Council doubles down on street repairs

The City Council of Webster City is shown at its regularly-scheduled meeting Monday evening. Councilwoman Megan McFarland was not present for the meeting.

For some time now the City Council of Webster City has looked for every opportunity to catch up on repairs to overdue repairs to the city’s streets.

To that end, on Monday the council gave the green light for $858,016.01 in repairs as part of the city’s hot melt asphalt (HMA) street improvements project for fiscal year 2025.

In January 2021, the city’s street repair consultant — Snyder & Associates of Ankeny — completed a pavement management report for Webster City. It rated the city’s streets in five categories based on their pavement condition index (PCI). Segments of five streets with a poor PCI rating are now in line for repairs this summer.

Repairs to such streets include removal and replacement of the road’s core in locations where the sub-base has deteriorated. Cores, a sample of pavement 4 to 6 inches in diameter, are extracted from the street and the condition of the underlying pavement is examined.

The city’s Street Department Superintendent Brandon Bahrenfuss stressed citizens should not expect “complete replacement of curbs and gutters in this project.” Instead, he said, “this is a mill and fill operation to lay down a new, smoother roadway.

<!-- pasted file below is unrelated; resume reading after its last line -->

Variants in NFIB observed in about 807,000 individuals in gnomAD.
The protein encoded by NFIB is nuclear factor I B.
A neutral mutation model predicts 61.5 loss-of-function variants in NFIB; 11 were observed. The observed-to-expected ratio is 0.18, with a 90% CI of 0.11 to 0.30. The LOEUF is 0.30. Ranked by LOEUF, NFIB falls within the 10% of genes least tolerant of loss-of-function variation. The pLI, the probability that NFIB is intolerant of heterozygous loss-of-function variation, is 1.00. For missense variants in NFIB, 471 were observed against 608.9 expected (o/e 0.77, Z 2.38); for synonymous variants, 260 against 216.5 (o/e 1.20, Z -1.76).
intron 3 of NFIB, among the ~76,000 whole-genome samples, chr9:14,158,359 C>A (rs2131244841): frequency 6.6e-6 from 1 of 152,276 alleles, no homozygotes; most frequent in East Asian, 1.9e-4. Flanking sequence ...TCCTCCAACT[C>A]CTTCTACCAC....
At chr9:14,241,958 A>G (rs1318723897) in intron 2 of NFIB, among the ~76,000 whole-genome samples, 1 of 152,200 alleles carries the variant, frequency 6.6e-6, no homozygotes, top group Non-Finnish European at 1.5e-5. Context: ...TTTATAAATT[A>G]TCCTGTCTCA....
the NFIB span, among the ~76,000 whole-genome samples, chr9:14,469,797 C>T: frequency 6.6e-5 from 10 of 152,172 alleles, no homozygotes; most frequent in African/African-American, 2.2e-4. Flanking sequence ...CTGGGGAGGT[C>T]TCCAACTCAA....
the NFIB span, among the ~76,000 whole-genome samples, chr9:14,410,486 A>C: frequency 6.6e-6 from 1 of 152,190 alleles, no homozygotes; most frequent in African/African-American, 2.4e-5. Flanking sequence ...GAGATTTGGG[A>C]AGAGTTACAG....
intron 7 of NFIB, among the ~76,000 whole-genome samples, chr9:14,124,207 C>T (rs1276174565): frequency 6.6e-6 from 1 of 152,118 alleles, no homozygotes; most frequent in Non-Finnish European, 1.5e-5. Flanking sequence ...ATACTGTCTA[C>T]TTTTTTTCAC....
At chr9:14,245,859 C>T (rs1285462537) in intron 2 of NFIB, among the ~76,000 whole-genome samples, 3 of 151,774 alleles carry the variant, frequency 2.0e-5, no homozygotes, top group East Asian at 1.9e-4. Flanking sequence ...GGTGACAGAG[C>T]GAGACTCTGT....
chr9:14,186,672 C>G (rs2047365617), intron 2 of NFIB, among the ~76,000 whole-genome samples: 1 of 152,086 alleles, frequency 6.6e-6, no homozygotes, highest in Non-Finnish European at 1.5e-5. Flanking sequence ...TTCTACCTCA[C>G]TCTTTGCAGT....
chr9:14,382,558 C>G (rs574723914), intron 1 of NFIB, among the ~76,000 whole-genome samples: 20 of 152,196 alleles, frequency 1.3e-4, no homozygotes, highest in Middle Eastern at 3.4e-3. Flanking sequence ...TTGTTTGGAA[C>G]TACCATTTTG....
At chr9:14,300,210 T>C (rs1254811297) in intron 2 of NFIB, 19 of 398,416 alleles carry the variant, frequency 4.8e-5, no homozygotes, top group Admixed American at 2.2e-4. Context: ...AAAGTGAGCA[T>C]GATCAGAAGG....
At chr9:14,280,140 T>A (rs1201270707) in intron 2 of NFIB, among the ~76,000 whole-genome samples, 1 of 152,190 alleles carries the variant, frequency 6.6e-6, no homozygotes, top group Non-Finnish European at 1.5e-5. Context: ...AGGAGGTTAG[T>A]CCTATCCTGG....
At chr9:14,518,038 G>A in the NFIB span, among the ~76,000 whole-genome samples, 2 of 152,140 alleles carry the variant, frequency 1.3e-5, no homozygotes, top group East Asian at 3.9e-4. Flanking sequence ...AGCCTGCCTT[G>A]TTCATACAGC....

“We’ll typically lay a 3-inch asphalt overlay and make minor curb and gutter repairs and replacements.”

Replacement of subsurface drainage fixtures, a costly and labor-intensive process, is not included in these programs. Bahrenfuss, who said Monday he felt contractors had submitted “really great bids” for the project, noted, “the city has had good experience with this approach to street repair.”

The streets that will receive the upgrades this summer include:

. Water Street from Funk to Prospect;

. Boone Street from Grove to Des Moines;

. East Street 300 feet north of Lucas Street to Des Moines (bordering the west side of Nokomis Park);

. The vicinity of Bell Avenue and High Street;

. Third Street from Grove to Broadway.

The city has designated four more street segments it refers to as “bid alternatives.” These are:

. Water Street from Willson Avenue to Seneca;